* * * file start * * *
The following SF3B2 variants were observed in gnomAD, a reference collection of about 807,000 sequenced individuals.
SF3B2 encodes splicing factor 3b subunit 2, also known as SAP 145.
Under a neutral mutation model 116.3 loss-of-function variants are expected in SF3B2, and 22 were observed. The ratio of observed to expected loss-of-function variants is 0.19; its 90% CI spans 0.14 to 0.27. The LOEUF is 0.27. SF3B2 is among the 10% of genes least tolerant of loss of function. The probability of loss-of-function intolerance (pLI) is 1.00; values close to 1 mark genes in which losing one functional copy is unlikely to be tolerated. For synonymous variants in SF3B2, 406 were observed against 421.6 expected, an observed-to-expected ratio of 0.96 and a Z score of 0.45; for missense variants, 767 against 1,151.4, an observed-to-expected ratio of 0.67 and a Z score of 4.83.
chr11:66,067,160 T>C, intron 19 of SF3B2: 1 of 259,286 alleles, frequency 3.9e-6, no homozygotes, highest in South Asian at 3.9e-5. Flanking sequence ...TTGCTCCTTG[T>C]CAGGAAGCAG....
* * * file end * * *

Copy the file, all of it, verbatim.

The following SF3B2 variants were observed in gnomAD, a reference collection of about 807,000 sequenced individuals.
SF3B2 encodes splicing factor 3b subunit 2, also known as SAP 145.
Under a neutral mutation model 116.3 loss-of-function variants are expected in SF3B2, and 22 were observed. The ratio of observed to expected loss-of-function variants is 0.19; its 90% CI spans 0.14 to 0.27. The LOEUF is 0.27. SF3B2 is among the 10% of genes least tolerant of loss of function. The probability of loss-of-function intolerance (pLI) is 1.00; values close to 1 mark genes in which losing one functional copy is unlikely to be tolerated. For synonymous variants in SF3B2, 406 were observed against 421.6 expected, an observed-to-expected ratio of 0.96 and a Z score of 0.45; for missense variants, 767 against 1,151.4, an observed-to-expected ratio of 0.67 and a Z score of 4.83.
chr11:66,067,160 T>C, intron 19 of SF3B2: 1 of 259,286 alleles, frequency 3.9e-6, no homozygotes, highest in South Asian at 3.9e-5. Flanking sequence ...TTGCTCCTTG[T>C]CAGGAAGCAG....